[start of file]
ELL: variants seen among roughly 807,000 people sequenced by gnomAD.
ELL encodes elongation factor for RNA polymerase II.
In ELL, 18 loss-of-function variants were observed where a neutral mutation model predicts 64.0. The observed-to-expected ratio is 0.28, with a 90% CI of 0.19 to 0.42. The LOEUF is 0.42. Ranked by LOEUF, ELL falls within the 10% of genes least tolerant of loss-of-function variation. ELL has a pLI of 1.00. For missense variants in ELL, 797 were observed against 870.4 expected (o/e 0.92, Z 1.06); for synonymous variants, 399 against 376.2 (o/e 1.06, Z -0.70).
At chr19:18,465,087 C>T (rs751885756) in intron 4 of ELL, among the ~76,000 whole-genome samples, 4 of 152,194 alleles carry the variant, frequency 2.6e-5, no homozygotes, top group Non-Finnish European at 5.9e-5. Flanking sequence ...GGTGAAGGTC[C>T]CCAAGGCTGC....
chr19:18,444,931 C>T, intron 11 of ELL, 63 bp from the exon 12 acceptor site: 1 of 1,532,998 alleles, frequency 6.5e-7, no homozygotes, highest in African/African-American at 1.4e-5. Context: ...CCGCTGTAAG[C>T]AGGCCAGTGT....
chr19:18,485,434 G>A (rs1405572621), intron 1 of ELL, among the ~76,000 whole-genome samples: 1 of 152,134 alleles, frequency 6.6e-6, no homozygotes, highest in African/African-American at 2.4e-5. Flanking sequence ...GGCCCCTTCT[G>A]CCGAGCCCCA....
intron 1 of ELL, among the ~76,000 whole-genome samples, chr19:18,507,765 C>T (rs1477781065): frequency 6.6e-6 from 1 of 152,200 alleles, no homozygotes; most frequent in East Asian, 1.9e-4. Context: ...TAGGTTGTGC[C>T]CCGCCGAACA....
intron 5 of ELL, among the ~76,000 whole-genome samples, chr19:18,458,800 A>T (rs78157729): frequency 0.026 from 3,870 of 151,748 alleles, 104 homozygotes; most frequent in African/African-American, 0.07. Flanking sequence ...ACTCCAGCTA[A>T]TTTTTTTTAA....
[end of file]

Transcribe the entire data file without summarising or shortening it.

ELL: variants seen among roughly 807,000 people sequenced by gnomAD.
ELL encodes elongation factor for RNA polymerase II.
In ELL, 18 loss-of-function variants were observed where a neutral mutation model predicts 64.0. The observed-to-expected ratio is 0.28, with a 90% CI of 0.19 to 0.42. The LOEUF is 0.42. Ranked by LOEUF, ELL falls within the 10% of genes least tolerant of loss-of-function variation. ELL has a pLI of 1.00. For missense variants in ELL, 797 were observed against 870.4 expected (o/e 0.92, Z 1.06); for synonymous variants, 399 against 376.2 (o/e 1.06, Z -0.70).
At chr19:18,465,087 C>T (rs751885756) in intron 4 of ELL, among the ~76,000 whole-genome samples, 4 of 152,194 alleles carry the variant, frequency 2.6e-5, no homozygotes, top group Non-Finnish European at 5.9e-5. Flanking sequence ...GGTGAAGGTC[C>T]CCAAGGCTGC....
chr19:18,444,931 C>T, intron 11 of ELL, 63 bp from the exon 12 acceptor site: 1 of 1,532,998 alleles, frequency 6.5e-7, no homozygotes, highest in African/African-American at 1.4e-5. Context: ...CCGCTGTAAG[C>T]AGGCCAGTGT....
chr19:18,485,434 G>A (rs1405572621), intron 1 of ELL, among the ~76,000 whole-genome samples: 1 of 152,134 alleles, frequency 6.6e-6, no homozygotes, highest in African/African-American at 2.4e-5. Flanking sequence ...GGCCCCTTCT[G>A]CCGAGCCCCA....
intron 1 of ELL, among the ~76,000 whole-genome samples, chr19:18,507,765 C>T (rs1477781065): frequency 6.6e-6 from 1 of 152,200 alleles, no homozygotes; most frequent in East Asian, 1.9e-4. Context: ...TAGGTTGTGC[C>T]CCGCCGAACA....
intron 5 of ELL, among the ~76,000 whole-genome samples, chr19:18,458,800 A>T (rs78157729): frequency 0.026 from 3,870 of 151,748 alleles, 104 homozygotes; most frequent in African/African-American, 0.07. Flanking sequence ...ACTCCAGCTA[A>T]TTTTTTTTAA....